Pam Dudding-Burch
Contributing writer

Photo by Pam Dudding-Burch
Craig County High and Middle School have many banners throughout the hallways meant to bring out the best in people.

Webster’s Dictionary definition of the word high is; a state of high spirits or euphoria. Other words used as synonyms include: ecstatic, exhilarated, delirious, elated, thrilled, overjoyed, beside oneself, on cloud nine, in seventh heaven and jumping for joy.


Most people know that children are a reflection of what they see and hear around them. “They mirror our family values, our society and our cultural images that we present to them as they form their lives,” Paul Paradzinski shared. “Adults, both at home and in the community at large, set the example of good decision making for youth to follow…so, how are we doing?”

These are questions and concerns posed from the CPPT (Craig Prevention Planning Team), who strive to bring information and assistance to Craig’s citizens, its students and the school system. Paradzinski is a citizen and participant in the group.

Every other year, Craig County Middle and High school students are given a survey to gauge how they are responding to certain actions, family values and the local surrounding cultures. J. D. Carlin, Prevention Specialist Prevention Services for the Blue Ridge Behavioral Healthcare, spearheads the questionnaire process. “We care deeply about these students and strive to do all we can to be there for them and give them the resources they need to be successful in life,” Carlin said.

One question asks if their parents or school let them know when they have done something well. Only 32 percent of middle school students and 35 percent of high school students say they were recognized and supported for a job well done. “Two thirds of our students do not feel supported,” Paradzinski said.

Another question asks if youth agree that there are people in the community that encourage them to do their best. Seventy-two percent of middle school students and 75 percent of high school students said there were. Sadly, this still means that 25 percent of students do not feel the support of their community.

“It is no wonder then that youth may go searching for that ‘something’ to lift themselves up and feel good,” Paradzinski explained. “In this age of instant gratification, drugs, alcohol, sex and violence are the norm that give a dangerous high, but creates long-term damage.”

His suggestion? “Let’s change our attitudes and create a natural high!” It is known that a family high, and yes, an individual high is full of a positive, joyful happiness that makes one feel good physically and emotionally,” he said. “To develop this high, one has to first stop and look around for those good things. Paradzinski emphasized, “They come quick and often, and they are out there if we open our hearts to let them pour in.”

What is considered ‘good things’, can differ from person to person. “For one it could be a ray of sunshine that makes a spot of flowers come alive with beauty, a brief visit from an old friend, sharing the joy when someone in your family does something very well, doing something that the whole family takes part in without computers, cell phones or video games or just a family being together as one,” Paradzinski shared. For others it could be a country drive, fishing, sports or even reading to one another.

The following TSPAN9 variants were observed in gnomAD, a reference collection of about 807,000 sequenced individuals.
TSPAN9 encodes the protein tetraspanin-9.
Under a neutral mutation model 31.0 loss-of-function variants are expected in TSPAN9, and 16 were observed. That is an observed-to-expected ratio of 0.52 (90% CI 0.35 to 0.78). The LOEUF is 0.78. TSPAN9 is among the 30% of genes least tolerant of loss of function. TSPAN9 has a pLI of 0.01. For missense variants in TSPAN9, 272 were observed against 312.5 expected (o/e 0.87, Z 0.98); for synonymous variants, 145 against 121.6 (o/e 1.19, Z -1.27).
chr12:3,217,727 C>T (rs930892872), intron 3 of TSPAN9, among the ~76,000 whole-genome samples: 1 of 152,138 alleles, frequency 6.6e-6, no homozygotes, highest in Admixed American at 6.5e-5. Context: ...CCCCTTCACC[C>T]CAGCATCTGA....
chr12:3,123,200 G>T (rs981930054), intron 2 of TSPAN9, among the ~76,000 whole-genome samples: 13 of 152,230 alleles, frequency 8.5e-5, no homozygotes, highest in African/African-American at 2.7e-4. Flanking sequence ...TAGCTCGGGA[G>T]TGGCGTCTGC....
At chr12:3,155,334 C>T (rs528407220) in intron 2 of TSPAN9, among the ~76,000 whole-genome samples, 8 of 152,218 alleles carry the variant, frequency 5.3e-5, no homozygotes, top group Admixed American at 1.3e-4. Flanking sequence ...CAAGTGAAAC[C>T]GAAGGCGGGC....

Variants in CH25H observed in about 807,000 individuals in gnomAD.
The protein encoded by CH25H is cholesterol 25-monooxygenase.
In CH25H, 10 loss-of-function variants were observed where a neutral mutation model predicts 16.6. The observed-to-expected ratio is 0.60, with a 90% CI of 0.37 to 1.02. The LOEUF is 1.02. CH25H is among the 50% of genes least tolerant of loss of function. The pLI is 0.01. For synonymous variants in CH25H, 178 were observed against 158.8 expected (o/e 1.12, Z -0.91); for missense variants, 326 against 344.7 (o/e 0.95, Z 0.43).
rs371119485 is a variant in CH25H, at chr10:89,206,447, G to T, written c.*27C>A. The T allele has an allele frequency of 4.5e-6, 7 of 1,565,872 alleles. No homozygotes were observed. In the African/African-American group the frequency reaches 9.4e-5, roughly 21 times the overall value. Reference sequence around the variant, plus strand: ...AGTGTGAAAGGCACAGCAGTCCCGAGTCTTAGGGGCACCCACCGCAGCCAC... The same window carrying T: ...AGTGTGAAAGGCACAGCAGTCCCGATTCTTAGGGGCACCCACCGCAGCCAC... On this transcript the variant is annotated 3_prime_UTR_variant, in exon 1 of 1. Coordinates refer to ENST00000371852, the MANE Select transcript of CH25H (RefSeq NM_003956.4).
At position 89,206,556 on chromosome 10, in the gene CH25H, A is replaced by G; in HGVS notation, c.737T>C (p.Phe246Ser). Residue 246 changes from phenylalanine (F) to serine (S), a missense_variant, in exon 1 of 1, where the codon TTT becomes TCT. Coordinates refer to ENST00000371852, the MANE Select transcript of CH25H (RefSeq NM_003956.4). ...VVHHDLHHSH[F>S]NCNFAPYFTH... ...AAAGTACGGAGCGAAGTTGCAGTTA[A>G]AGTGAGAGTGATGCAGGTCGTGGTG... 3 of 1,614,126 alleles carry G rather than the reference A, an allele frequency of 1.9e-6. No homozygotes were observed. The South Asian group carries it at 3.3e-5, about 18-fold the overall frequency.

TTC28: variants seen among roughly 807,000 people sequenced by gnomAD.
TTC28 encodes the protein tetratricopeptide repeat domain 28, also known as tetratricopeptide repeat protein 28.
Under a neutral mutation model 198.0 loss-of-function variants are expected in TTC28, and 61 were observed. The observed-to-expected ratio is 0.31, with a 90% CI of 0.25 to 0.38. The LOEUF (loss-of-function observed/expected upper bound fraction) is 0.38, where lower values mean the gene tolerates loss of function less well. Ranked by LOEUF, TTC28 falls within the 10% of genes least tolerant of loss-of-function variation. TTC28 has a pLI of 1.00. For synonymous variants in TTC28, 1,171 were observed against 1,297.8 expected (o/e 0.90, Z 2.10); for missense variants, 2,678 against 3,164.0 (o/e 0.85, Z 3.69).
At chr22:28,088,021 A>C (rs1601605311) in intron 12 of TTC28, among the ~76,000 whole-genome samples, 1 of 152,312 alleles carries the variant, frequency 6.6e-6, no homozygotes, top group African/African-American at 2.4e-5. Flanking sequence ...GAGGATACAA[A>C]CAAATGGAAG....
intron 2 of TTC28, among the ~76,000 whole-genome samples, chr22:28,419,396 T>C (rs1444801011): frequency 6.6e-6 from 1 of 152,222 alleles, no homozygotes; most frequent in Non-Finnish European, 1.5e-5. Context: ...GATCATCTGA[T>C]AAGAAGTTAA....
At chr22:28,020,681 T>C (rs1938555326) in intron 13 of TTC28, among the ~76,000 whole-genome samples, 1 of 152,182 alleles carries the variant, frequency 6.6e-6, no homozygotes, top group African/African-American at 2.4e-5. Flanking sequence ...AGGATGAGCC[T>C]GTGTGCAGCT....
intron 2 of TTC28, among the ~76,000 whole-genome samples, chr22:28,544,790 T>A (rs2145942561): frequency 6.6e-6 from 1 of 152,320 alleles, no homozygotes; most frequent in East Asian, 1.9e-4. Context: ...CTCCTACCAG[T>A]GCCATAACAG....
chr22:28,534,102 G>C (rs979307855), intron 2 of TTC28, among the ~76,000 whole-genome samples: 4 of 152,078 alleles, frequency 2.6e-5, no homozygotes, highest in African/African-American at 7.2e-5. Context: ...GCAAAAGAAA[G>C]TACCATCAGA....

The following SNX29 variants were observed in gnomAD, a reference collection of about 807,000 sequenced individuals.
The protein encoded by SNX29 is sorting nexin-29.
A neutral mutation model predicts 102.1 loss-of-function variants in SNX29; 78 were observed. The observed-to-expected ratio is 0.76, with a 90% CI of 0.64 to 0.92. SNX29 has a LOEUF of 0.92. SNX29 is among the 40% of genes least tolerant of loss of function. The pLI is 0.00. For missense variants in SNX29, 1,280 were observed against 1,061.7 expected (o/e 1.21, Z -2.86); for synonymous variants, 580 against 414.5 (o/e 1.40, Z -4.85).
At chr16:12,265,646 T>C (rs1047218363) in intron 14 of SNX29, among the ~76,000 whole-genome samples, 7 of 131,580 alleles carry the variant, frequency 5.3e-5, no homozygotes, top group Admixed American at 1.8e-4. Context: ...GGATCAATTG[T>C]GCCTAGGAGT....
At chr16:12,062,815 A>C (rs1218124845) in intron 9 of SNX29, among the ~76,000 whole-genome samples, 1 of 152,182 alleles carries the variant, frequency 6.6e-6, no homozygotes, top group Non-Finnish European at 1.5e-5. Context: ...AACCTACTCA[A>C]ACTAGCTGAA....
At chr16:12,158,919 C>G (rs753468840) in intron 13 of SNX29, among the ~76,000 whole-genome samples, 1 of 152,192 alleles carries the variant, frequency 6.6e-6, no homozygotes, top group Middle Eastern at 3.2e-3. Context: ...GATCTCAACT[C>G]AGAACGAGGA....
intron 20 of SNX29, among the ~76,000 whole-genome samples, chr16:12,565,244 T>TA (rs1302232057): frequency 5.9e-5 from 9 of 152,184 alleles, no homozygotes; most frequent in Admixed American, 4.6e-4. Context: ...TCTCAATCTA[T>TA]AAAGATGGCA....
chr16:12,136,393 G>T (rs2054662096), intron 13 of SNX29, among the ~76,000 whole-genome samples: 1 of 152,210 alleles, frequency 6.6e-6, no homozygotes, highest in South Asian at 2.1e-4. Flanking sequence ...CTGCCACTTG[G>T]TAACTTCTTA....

“Picking one night a week as family night is another example of a very good thing,” Paradzinski said. “It can be hard to shut off all the outside interference and electronic devices for the evening, but it will be well worth it.”

He added that once one has done this, to fix a meal together, bake some cookies or a favorite pie. “Meal time is a perfect time to share,” one community member said. “My rules are no TV or phones while we eat and it has always proven to bring our family closer!”

Paradzinski suggested that during the meal, talk about what each member did that day, have each member tell something good or funny about their day or share something about the family that makes you happy, or even something about family members that are no longer with you. Maybe play a game afterward with the eating of the cookies or pie as the final piece to a great family evening together!”

“By doing this, you are saying each member of your family is important.” Paradzinski said. “By cooking a meal together and letting each person share good things about themselves and your family, you let everyone know that they are an important piece of your family and in this, you remind them that you care about them, are interested in them and want to be a part of their lives.”

Still, there are times when one is by themselves and have to create that ‘natural high’. “Take advantage of the natural beauty of Craig County and head out to for a hike,” Paradzinski suggested. “Perhaps enjoy a book or write some music, take pictures and put together scrapbooks which can help you and others remember some of the wonderful moments of your life later on.”

It has been proven that when people strive to look for the good, and to ‘do’ these things, then the ‘natural high is being created. Also, one’s attitude will change to see the good in people and the good in themselves and the happiness in the family starts to develop and grow stronger.

Paradzinski concluded, “No drug, marijuana, drink or negative behavior can produce anything as powerful as a ‘natural high’.”

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